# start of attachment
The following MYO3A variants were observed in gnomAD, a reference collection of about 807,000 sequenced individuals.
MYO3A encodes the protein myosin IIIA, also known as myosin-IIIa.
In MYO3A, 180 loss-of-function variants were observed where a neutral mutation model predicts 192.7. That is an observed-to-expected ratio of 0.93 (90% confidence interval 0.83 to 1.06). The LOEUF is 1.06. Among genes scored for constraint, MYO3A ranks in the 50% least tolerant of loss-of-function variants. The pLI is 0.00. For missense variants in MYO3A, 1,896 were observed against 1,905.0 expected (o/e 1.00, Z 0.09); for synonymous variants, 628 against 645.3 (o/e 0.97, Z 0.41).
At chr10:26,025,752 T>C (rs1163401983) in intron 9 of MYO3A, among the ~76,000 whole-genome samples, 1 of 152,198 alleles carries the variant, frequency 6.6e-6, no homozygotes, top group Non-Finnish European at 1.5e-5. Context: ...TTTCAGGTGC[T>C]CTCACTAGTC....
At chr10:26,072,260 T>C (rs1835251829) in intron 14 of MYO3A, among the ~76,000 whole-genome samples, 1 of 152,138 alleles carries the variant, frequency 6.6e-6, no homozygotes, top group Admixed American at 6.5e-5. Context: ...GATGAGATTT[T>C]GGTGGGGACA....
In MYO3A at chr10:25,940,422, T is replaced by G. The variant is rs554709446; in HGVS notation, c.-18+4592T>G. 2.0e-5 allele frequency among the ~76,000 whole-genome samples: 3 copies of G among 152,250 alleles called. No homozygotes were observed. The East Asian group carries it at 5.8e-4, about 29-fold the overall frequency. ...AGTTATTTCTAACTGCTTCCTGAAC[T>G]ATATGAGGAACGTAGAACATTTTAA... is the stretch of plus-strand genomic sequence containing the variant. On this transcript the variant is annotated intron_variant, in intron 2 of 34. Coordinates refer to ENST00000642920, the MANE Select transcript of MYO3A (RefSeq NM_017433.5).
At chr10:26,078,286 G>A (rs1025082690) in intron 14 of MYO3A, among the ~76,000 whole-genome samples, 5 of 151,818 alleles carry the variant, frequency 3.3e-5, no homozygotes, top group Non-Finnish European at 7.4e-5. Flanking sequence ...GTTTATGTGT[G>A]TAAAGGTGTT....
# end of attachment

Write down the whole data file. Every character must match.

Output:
The following MYO3A variants were observed in gnomAD, a reference collection of about 807,000 sequenced individuals.
MYO3A encodes the protein myosin IIIA, also known as myosin-IIIa.
In MYO3A, 180 loss-of-function variants were observed where a neutral mutation model predicts 192.7. That is an observed-to-expected ratio of 0.93 (90% confidence interval 0.83 to 1.06). The LOEUF is 1.06. Among genes scored for constraint, MYO3A ranks in the 50% least tolerant of loss-of-function variants. The pLI is 0.00. For missense variants in MYO3A, 1,896 were observed against 1,905.0 expected (o/e 1.00, Z 0.09); for synonymous variants, 628 against 645.3 (o/e 0.97, Z 0.41).
At chr10:26,025,752 T>C (rs1163401983) in intron 9 of MYO3A, among the ~76,000 whole-genome samples, 1 of 152,198 alleles carries the variant, frequency 6.6e-6, no homozygotes, top group Non-Finnish European at 1.5e-5. Context: ...TTTCAGGTGC[T>C]CTCACTAGTC....
At chr10:26,072,260 T>C (rs1835251829) in intron 14 of MYO3A, among the ~76,000 whole-genome samples, 1 of 152,138 alleles carries the variant, frequency 6.6e-6, no homozygotes, top group Admixed American at 6.5e-5. Context: ...GATGAGATTT[T>C]GGTGGGGACA....
In MYO3A at chr10:25,940,422, T is replaced by G. The variant is rs554709446; in HGVS notation, c.-18+4592T>G. 2.0e-5 allele frequency among the ~76,000 whole-genome samples: 3 copies of G among 152,250 alleles called. No homozygotes were observed. The East Asian group carries it at 5.8e-4, about 29-fold the overall frequency. ...AGTTATTTCTAACTGCTTCCTGAAC[T>G]ATATGAGGAACGTAGAACATTTTAA... is the stretch of plus-strand genomic sequence containing the variant. On this transcript the variant is annotated intron_variant, in intron 2 of 34. Coordinates refer to ENST00000642920, the MANE Select transcript of MYO3A (RefSeq NM_017433.5).
At chr10:26,078,286 G>A (rs1025082690) in intron 14 of MYO3A, among the ~76,000 whole-genome samples, 5 of 151,818 alleles carry the variant, frequency 3.3e-5, no homozygotes, top group Non-Finnish European at 7.4e-5. Flanking sequence ...GTTTATGTGT[G>A]TAAAGGTGTT....